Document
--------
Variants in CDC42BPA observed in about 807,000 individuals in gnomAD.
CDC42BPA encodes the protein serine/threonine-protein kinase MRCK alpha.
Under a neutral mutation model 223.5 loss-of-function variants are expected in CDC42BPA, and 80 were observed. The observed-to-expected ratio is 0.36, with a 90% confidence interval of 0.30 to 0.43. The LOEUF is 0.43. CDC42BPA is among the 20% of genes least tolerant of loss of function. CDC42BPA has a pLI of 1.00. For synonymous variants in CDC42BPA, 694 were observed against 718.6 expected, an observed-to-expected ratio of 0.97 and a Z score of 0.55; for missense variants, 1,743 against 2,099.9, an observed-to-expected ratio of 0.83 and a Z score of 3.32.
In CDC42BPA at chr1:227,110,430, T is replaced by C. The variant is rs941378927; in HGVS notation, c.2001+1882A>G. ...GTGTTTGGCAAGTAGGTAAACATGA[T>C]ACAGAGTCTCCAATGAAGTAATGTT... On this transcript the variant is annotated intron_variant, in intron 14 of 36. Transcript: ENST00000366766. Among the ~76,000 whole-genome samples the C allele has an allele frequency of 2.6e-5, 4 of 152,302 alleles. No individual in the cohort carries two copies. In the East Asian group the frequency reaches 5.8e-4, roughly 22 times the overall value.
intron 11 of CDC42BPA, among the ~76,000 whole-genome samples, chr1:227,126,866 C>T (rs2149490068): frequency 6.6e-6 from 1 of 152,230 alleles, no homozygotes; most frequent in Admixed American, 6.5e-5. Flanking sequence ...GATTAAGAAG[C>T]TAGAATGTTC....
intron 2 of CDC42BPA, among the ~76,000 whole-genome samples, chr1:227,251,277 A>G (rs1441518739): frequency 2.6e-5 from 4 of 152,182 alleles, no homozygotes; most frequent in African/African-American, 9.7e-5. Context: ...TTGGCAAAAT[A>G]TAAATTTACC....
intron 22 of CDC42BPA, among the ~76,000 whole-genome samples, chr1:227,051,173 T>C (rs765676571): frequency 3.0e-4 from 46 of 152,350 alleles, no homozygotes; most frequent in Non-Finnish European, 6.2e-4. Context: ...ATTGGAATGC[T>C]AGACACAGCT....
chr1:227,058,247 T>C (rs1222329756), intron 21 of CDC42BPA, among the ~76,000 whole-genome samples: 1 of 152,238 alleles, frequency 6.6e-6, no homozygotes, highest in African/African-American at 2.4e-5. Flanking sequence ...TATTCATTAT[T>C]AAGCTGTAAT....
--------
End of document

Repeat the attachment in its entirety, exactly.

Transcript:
Variants in CDC42BPA observed in about 807,000 individuals in gnomAD.
CDC42BPA encodes the protein serine/threonine-protein kinase MRCK alpha.
Under a neutral mutation model 223.5 loss-of-function variants are expected in CDC42BPA, and 80 were observed. The observed-to-expected ratio is 0.36, with a 90% confidence interval of 0.30 to 0.43. The LOEUF is 0.43. CDC42BPA is among the 20% of genes least tolerant of loss of function. CDC42BPA has a pLI of 1.00. For synonymous variants in CDC42BPA, 694 were observed against 718.6 expected, an observed-to-expected ratio of 0.97 and a Z score of 0.55; for missense variants, 1,743 against 2,099.9, an observed-to-expected ratio of 0.83 and a Z score of 3.32.
In CDC42BPA at chr1:227,110,430, T is replaced by C. The variant is rs941378927; in HGVS notation, c.2001+1882A>G. ...GTGTTTGGCAAGTAGGTAAACATGA[T>C]ACAGAGTCTCCAATGAAGTAATGTT... On this transcript the variant is annotated intron_variant, in intron 14 of 36. Transcript: ENST00000366766. Among the ~76,000 whole-genome samples the C allele has an allele frequency of 2.6e-5, 4 of 152,302 alleles. No individual in the cohort carries two copies. In the East Asian group the frequency reaches 5.8e-4, roughly 22 times the overall value.
intron 11 of CDC42BPA, among the ~76,000 whole-genome samples, chr1:227,126,866 C>T (rs2149490068): frequency 6.6e-6 from 1 of 152,230 alleles, no homozygotes; most frequent in Admixed American, 6.5e-5. Flanking sequence ...GATTAAGAAG[C>T]TAGAATGTTC....
intron 2 of CDC42BPA, among the ~76,000 whole-genome samples, chr1:227,251,277 A>G (rs1441518739): frequency 2.6e-5 from 4 of 152,182 alleles, no homozygotes; most frequent in African/African-American, 9.7e-5. Context: ...TTGGCAAAAT[A>G]TAAATTTACC....
intron 22 of CDC42BPA, among the ~76,000 whole-genome samples, chr1:227,051,173 T>C (rs765676571): frequency 3.0e-4 from 46 of 152,350 alleles, no homozygotes; most frequent in Non-Finnish European, 6.2e-4. Context: ...ATTGGAATGC[T>C]AGACACAGCT....
chr1:227,058,247 T>C (rs1222329756), intron 21 of CDC42BPA, among the ~76,000 whole-genome samples: 1 of 152,238 alleles, frequency 6.6e-6, no homozygotes, highest in African/African-American at 2.4e-5. Flanking sequence ...TATTCATTAT[T>C]AAGCTGTAAT....